The Express Tribune
Published Date: Apr 3, 2019
Asad Umar hints at withdrawing tax exemptions for elite
ISLAMABAD: Finance Minister Asad Umar on Tuesday hinted at withdrawing tax exemptions being availed by the elite and also announced a drastic reduction in the number of withholding taxes from the next budget including the tax on banking transactions being paid by non-filers of tax returns.
The minister expressed these views at the launching ceremony of a book, ‘Growth and Inequality in Pakistan – Agenda for Reforms’. The book has been written by Dr Hafiz A Pasha whom Umar described as Pakistan’s number one economist. Friedrich Ebert Stiftung – a German institute – has financed the book under the theme of ‘Economy of Tomorrow’.
The book discusses almost every important aspect of Pakistan’s economy and carries a detailed chapter on elite capture of the state.
The finance minister said the government was reviewing tax exemptions being availed by the elite aimed at withdrawing them. He, however, added that all these tax exemptions were not being availed by the rich as some were benefitting the public at large.
The single biggest privilege was tax concessions for the elite that had been estimated at Rs400 billion only on account of income tax exemptions, said Pasha.
The finance minister said the withholding tax on banking transactions would also be abolished. Former finance minister Ishaq Dar had imposed 0.6% tax on banking transactions being carried out by the non-filers.
Umar said this tax was causing more damage to the economy than the Rs30 billion annual benefit that the Federal Board of Revenue (FBR) got.
Pasha had suggested withdrawing majority of the withholding taxes as these were not contributing to the income tax collection. Umar said the government had the intention to withdraw at least half of the 41 types of withholding taxes that were not contributing significantly to the revenues.
Umar also endorsed the proposals of introducing the wealth tax and capital gains tax on real estate. The finance minister said the residual wealth beyond a certain threshold should also be taxed.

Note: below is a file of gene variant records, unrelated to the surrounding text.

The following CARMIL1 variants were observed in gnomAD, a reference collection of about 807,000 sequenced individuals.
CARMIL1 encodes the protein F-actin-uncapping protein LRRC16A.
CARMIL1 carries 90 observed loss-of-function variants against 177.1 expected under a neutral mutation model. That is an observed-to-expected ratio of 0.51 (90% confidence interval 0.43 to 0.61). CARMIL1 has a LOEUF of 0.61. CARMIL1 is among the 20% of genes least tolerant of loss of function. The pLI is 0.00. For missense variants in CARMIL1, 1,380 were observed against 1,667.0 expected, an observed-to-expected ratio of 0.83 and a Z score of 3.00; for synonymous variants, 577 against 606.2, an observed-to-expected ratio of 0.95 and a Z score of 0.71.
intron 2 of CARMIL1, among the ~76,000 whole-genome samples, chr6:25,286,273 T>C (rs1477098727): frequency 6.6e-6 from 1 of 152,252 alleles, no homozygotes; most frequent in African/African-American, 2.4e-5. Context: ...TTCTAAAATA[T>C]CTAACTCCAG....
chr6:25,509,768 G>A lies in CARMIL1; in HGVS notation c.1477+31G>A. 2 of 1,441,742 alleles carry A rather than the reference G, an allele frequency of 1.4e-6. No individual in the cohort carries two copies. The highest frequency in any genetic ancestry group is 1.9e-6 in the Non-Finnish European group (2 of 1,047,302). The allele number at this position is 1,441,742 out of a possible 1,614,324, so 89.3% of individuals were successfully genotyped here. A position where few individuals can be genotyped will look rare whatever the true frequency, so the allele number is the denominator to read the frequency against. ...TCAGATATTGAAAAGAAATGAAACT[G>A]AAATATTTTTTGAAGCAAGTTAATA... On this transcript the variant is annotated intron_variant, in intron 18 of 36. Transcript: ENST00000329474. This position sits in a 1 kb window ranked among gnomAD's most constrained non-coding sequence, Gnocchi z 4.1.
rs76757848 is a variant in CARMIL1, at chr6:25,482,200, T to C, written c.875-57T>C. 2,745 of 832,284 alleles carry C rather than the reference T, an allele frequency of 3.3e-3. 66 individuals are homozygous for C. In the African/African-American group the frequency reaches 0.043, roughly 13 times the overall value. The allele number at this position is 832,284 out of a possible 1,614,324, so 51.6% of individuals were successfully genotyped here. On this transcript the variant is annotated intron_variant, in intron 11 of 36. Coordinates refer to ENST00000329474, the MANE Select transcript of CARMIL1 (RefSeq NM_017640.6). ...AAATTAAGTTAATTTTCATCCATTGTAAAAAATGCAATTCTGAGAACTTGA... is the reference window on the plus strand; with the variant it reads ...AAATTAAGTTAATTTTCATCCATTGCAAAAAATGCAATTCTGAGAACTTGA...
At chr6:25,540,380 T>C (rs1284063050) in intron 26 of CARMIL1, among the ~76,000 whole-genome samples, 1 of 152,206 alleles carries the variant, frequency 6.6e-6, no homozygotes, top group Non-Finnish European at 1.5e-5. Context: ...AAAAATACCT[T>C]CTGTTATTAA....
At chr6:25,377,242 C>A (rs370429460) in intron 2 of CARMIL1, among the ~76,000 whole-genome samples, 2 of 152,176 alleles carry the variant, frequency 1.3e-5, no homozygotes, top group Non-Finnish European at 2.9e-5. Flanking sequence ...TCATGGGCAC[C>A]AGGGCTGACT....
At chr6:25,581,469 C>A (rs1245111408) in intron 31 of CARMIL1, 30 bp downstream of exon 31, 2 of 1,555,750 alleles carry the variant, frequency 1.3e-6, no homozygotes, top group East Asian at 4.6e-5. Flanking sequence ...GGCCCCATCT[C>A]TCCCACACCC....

The book also talked about breaking the grip of the elite on the economy that had created inequality in society. In recent years, allocation of land for residential and commercial development in large cities has become a primary source of large capital gains, reads the Growth and Inequality in Pakistan.
The government should have courage to look at all the tax concessions that were costing the kitty Rs850 billion annually. Pasha said there was no rationale for giving sales tax exemptions to canteens being operated by the army. The 23-year income tax holiday given to Chinese companies operating under the China-Pakistan Economic Corridor (CPEC) should be withdrawn.
He also asked the government to review the free trade agreement with China that, according to him, had put the country in a disadvantageous position.
“The central issue for Pakistan’s economy is the state capture by the elite,” said the finance minister. “I also feel the heat of the elite capture due to the onslaught launched by the civil-military bureaucracy against a particular decision.”
Last month, a World Bank report identified four influential groups – the civil servants, landowners, industrialists and security services – that had captured Pakistan’s economy. According to Pasha, there are at least seven categories. These are large landowners, defence establishment, multinational companies, commercial banks, urban real estate developers, parliamentarians and others.
The feudal class is enjoying extremely low income tax, pays very low water charges and enjoys subsidies, according to the book. One per cent of landlords still held 22% of land and 50% of total farmers owned only 11% of land, said Pasha.
Multinational companies are enjoying a protective wall of import tariffs.
Pasha also warned about the dangers of stagflation, urging the government to address the issue on priority.
Over the past five years, the inflation had remained low and the economic growth was high – an equation that “has now reversed”, said Sartaj Aziz, former deputy chairman of the Planning Commission.
Aziz said the government’s decision to massively cut development spending, increase interest rate and prices of utilities and currency depreciation had increased the prospects of stagflation.
“It is not a good economic picture for presenting the budget,” said Aziz. He advised the government to maintain last year’s economic growth momentum – a suggestion that Umar did not accept.
Aziz said the slowing economic growth rate would be disastrous due to high population growth and resultant increase in unemployment and poverty.